Some suggestions from the Treehugger online blog/e newsletter.USA focussed.
Category: take action
:: ::The Slate Green Challenge: Week 7 - Water
December 8, 2006 9:30 AM - Brittany Jacobs, Seattle
Struggling with high energy bills? Your home water heater could be the culprit, as it accounts for approximately 14 percent of your energy usage. If your gas water heater is more than 10 years old, you might consider replacing it. A water heater that old might be operating at less than 50 percent efficiency! Consider replacing it with an energy-efficient tank or a heater without a tank, which warms up water only when you need it.
For more ways to reduce your carbon emissions and your bills, head over to The Slate Green Challenge with Treehugger. Almost 30,000 readers have pledged to reduce their collective emissions by 20 percent. After you take the initial carbon footprint quiz, we will provide you with information that ranges from transportation to holiday shopping and ways to reduce your impact through each of these activities. The first 500 lucky challengers will walk away with a new t-shirt from our friends and sponsors at Iâm Organic. ::Slate Green Challenge Welcome ::Slate Green Challenge Week 7: Water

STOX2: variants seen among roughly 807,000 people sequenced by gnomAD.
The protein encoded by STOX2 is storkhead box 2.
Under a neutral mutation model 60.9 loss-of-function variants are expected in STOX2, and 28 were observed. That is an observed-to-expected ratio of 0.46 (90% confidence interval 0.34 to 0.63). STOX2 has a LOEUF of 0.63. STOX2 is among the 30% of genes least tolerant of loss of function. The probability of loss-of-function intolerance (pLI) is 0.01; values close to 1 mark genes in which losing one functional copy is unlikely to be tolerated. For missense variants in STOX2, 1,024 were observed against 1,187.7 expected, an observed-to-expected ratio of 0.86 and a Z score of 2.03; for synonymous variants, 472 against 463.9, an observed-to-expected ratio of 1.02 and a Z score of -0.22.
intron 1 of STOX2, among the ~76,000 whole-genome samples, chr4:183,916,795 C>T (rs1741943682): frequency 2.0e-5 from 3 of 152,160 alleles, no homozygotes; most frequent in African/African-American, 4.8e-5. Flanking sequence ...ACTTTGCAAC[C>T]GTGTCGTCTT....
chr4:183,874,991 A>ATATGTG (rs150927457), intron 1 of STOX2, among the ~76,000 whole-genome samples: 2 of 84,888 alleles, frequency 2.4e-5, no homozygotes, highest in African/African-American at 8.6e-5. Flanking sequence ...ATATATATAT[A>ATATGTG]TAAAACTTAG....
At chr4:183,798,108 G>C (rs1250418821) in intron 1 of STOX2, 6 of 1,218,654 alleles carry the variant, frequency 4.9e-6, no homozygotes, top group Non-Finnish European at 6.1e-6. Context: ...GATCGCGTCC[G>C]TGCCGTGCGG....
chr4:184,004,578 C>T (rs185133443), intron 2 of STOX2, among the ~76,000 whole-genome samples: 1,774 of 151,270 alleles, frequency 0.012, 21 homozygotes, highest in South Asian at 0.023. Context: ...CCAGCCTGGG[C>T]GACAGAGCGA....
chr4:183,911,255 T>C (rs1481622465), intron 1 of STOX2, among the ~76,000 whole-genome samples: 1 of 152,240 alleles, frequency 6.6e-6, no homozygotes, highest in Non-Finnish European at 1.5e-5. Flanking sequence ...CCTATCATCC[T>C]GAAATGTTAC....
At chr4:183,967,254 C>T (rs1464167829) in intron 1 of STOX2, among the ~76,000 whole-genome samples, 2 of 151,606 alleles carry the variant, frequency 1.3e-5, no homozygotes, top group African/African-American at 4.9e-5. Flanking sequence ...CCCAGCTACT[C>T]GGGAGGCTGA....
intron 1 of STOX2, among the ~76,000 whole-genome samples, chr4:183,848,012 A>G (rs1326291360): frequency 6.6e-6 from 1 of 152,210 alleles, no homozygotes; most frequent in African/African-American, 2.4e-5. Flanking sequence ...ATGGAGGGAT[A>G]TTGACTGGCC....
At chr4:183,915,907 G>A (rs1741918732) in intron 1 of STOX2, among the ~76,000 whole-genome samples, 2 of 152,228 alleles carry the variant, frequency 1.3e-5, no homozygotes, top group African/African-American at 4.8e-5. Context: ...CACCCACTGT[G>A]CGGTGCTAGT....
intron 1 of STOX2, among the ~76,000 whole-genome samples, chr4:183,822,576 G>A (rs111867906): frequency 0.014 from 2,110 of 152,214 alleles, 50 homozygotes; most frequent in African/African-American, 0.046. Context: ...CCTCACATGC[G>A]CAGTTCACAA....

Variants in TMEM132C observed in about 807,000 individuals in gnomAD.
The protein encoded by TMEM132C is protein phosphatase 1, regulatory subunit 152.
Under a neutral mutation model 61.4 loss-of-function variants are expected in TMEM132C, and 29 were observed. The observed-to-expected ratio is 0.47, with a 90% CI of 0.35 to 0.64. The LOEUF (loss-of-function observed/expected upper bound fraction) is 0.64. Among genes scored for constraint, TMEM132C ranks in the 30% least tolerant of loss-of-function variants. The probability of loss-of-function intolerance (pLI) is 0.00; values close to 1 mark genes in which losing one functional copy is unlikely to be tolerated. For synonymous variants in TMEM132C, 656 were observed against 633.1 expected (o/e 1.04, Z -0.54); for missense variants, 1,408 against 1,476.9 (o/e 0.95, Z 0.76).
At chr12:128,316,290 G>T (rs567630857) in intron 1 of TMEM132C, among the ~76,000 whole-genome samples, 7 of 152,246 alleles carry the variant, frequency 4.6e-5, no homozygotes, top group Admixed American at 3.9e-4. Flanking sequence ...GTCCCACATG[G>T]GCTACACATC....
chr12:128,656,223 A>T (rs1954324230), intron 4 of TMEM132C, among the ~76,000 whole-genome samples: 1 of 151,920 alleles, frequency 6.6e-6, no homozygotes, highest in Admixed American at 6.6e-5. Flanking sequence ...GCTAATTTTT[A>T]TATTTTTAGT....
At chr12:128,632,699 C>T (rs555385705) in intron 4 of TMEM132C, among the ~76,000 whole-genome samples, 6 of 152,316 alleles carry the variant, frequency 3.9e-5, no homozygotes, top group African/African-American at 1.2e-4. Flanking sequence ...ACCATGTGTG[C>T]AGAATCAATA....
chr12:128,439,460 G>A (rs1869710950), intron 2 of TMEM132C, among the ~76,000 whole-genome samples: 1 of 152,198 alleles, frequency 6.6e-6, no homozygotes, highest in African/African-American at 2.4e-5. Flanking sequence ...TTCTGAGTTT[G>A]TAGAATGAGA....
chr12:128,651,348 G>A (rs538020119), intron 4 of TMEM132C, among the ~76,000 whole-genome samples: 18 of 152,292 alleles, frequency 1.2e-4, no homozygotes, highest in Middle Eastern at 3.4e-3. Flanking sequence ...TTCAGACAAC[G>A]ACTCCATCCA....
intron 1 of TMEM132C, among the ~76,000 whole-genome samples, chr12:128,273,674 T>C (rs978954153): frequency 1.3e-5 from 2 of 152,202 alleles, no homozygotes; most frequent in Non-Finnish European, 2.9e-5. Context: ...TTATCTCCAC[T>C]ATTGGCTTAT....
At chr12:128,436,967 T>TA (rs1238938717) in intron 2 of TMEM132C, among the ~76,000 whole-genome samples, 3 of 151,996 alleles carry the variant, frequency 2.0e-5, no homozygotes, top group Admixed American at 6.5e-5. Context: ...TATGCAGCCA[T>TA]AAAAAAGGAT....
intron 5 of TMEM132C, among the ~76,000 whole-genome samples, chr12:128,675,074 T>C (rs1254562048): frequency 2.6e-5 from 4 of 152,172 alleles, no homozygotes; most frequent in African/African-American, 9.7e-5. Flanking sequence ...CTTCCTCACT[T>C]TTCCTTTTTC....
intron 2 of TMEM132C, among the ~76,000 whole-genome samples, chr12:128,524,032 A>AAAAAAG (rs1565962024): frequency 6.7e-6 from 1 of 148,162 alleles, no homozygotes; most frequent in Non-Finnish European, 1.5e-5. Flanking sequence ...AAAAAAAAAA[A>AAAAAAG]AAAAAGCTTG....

:: Composting Green Map of Manhattan Debuts 12/9
December 7, 2006 1:07 PM - Celine Ruben-Salama, New York, NY
worms_in_green_apple.jpgNew York city produces a lot of waste; 4 pounds per person per day by some measures. With about 8 million inhabitants that makes roughly 16,000 tons of garbage per day! According to The Big Green Apple, 4 per cent of that waste is compostable. But where oh where are all the compost heaps? Find out this Saturday, December 9, 2006, as the brand new Composting Green Map of Manhattan makes its debut with a celebration at the Union Square Greenmarket from noon until 2pm.
Created by Green Map System and Lower East Side Ecology Center, this pocket-size map shows you where to take your kitchen scraps and organic waste so it can be composted and naturally recycled into rich soil, along with resources so you can start your own composting project at home. A complete list of compostable items is included, too! Get your free copy there or download it here!